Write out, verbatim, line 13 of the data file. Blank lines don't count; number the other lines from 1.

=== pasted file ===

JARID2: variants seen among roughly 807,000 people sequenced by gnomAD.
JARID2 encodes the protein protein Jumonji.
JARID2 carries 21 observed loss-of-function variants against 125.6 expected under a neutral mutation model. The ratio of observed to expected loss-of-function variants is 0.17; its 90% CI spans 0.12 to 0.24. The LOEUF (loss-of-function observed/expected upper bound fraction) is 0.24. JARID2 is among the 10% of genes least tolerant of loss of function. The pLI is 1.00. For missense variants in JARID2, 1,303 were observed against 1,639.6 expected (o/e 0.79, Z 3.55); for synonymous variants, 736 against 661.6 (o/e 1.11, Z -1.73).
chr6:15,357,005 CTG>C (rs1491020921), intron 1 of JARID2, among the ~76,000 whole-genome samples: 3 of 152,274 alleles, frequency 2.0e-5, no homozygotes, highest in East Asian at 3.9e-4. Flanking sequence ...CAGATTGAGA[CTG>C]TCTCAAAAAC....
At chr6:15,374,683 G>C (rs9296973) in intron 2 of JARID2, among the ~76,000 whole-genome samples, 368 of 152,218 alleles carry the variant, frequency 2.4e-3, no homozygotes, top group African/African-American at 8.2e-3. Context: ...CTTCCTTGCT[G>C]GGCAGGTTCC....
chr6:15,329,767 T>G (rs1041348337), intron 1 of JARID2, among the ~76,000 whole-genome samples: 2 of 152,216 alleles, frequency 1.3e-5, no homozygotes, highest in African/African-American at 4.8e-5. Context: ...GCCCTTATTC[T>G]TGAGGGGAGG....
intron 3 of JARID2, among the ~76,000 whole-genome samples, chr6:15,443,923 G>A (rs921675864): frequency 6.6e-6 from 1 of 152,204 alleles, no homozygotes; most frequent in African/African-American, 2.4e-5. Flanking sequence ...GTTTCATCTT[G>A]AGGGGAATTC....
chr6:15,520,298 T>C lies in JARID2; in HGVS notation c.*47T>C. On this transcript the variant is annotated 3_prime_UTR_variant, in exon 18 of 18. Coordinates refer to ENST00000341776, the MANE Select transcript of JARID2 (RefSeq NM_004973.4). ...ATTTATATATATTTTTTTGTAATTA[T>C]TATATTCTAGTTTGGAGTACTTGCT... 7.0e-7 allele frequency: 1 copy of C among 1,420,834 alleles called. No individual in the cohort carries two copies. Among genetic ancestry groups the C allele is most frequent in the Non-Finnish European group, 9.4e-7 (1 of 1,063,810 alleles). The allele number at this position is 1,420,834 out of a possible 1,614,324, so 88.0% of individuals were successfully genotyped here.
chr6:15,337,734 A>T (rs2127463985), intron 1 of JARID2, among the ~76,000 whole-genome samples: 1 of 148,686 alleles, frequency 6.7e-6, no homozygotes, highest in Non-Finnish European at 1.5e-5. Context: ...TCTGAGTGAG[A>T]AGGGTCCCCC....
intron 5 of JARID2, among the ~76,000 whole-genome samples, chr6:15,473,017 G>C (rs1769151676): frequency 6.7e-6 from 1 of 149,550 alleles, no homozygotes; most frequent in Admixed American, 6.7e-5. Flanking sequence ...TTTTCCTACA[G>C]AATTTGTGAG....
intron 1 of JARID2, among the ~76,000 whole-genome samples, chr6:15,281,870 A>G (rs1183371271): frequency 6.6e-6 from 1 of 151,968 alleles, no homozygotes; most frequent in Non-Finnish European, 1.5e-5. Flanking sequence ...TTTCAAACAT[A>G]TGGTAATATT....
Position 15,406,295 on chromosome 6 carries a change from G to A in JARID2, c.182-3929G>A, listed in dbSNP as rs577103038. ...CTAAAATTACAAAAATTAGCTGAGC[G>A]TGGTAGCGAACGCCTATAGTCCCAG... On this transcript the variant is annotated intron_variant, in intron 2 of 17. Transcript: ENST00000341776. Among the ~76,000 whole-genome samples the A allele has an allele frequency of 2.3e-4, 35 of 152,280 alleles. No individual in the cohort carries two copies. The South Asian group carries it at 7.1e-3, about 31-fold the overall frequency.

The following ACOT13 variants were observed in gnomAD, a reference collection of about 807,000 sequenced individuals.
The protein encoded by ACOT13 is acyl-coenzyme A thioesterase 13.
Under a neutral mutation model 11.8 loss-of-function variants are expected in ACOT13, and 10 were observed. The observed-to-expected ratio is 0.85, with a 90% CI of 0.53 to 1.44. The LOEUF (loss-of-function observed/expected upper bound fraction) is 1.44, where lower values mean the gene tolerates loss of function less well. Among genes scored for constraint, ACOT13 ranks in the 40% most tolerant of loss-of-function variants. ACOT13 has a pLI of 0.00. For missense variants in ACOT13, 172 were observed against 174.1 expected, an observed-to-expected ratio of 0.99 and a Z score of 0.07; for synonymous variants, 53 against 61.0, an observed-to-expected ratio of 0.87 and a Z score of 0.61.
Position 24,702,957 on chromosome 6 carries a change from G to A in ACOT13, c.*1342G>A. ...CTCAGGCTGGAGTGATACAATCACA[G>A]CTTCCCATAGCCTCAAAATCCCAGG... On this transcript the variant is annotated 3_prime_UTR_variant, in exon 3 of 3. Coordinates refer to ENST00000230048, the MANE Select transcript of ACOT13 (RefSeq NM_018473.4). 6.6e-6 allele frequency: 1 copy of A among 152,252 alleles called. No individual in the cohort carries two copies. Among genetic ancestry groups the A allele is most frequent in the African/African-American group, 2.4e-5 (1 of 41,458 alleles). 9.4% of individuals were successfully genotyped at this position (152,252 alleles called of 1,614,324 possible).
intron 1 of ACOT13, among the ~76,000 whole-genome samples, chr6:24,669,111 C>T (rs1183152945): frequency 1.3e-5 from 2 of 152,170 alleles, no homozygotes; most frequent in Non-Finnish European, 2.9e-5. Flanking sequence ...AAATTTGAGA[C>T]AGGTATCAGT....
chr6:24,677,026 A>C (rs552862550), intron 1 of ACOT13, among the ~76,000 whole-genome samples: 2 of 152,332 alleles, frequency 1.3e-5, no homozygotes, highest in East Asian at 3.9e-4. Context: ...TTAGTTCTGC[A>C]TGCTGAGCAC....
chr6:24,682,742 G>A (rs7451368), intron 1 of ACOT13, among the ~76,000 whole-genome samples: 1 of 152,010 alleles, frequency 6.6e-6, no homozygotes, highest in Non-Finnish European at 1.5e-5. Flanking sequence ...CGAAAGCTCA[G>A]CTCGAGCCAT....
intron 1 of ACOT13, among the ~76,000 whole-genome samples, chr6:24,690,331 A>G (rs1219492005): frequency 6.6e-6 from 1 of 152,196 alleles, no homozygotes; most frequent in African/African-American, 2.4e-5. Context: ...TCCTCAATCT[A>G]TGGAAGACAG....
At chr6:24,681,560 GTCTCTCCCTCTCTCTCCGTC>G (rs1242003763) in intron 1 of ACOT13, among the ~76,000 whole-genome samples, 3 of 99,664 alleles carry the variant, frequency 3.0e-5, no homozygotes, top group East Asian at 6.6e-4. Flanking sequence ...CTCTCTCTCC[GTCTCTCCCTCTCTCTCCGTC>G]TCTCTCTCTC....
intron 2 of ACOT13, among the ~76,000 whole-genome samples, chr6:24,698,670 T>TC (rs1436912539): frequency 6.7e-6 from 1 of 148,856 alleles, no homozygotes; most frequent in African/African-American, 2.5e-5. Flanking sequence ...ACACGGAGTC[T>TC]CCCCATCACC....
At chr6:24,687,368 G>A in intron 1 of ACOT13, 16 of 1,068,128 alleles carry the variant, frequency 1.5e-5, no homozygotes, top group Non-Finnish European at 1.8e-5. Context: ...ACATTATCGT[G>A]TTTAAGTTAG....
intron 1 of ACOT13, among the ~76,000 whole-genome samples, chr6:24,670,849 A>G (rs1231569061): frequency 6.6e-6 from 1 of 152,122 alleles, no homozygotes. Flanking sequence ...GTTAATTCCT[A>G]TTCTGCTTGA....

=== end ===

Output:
The following ACOT13 variants were observed in gnomAD, a reference collection of about 807,000 sequenced individuals.